Out for a walk by the river, I noticed the unusual smell of pineapple. I looked down at my feet and noticed I had been scuffing tiny flowers. When I picked one of the plants and rubbed it between my fingers, sure enough, it smelled just like pineapple.
A friend told me once that her father would always pick wild chamomile, that it was his favourite kind of tea. I hadn’t realized just how abundant the plant is, nor how delicious the flavour is.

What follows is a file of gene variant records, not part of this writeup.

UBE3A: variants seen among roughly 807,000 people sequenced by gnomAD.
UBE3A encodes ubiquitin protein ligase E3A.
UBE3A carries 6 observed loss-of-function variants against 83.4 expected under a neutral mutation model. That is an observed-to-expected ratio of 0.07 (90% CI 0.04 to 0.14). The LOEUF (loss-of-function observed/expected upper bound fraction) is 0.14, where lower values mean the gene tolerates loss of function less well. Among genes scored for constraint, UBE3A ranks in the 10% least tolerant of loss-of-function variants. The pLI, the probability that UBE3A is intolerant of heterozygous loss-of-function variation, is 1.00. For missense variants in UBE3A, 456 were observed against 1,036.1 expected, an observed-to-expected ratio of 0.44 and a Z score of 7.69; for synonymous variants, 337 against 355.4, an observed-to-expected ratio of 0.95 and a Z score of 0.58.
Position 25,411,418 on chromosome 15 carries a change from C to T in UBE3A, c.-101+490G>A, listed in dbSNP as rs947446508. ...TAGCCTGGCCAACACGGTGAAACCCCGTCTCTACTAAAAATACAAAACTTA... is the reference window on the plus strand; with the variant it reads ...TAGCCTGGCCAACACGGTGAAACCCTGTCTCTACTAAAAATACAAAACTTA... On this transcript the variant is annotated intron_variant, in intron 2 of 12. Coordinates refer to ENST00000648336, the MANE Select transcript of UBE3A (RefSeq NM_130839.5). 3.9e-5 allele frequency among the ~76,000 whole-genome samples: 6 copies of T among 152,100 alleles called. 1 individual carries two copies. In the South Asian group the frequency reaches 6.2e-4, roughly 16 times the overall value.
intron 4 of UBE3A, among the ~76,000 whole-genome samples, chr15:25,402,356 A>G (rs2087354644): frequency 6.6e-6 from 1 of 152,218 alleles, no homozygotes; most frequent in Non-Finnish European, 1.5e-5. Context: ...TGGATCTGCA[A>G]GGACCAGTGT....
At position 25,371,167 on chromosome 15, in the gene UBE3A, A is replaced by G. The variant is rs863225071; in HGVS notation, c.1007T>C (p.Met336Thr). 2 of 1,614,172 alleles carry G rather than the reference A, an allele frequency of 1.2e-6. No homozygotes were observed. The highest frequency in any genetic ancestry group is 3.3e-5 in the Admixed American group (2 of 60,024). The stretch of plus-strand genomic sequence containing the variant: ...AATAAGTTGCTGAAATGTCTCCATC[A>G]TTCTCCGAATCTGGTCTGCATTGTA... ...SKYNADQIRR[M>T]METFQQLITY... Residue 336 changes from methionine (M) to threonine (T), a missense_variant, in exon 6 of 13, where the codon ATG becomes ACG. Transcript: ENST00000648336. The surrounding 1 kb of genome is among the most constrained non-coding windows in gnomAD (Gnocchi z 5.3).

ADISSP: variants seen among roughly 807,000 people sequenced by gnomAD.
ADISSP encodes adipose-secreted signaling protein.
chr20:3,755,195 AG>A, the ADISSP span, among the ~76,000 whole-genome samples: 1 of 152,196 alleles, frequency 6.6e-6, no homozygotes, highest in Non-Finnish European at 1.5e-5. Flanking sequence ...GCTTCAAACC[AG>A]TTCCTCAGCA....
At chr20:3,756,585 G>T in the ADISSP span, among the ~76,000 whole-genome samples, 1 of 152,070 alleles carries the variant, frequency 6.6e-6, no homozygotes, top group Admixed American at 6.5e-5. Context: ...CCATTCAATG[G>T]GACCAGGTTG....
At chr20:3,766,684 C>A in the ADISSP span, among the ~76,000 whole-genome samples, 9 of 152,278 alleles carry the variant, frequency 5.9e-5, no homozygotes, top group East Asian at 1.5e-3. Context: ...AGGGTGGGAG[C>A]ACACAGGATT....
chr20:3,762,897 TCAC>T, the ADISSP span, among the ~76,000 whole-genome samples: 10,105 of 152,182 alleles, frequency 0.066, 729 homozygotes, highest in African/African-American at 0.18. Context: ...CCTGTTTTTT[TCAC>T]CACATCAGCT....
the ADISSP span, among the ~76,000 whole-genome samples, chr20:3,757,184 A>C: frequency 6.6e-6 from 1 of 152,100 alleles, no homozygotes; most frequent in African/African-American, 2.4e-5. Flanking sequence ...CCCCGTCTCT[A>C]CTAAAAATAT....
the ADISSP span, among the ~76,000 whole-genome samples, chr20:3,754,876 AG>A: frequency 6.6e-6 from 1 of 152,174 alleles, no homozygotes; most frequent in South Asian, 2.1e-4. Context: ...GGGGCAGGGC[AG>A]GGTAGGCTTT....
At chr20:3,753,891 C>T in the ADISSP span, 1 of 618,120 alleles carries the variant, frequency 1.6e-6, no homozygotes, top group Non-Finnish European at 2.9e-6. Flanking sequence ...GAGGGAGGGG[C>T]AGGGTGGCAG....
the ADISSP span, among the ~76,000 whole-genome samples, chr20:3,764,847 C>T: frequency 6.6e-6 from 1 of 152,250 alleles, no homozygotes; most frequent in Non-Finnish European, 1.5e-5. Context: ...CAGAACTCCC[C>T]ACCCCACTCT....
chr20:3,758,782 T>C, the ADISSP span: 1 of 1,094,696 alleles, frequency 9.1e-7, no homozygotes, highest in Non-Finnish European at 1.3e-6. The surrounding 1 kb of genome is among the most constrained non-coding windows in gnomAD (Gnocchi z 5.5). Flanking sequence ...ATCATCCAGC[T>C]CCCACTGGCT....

Wild chamomile is also known as pineappleweed (Matricaria discoidea), and can be found in many parts of North America and Northern Asia.
Making the tea is super easy.
Pick the tiny yellow (sometimes green) flower pods from the plant and put them directly into warm water to steep. If you would like to save the tea, then make sure it is dried well in the sun (or a low-temperature oven).
The chamomile plants can also grow as the more common white petal/yellow centre flowers, but the flavour is not as fruity.
Chamomile is typically used as a digestif or sleep aid, but the medical benefits include fighting inflammation and even cancer treatment.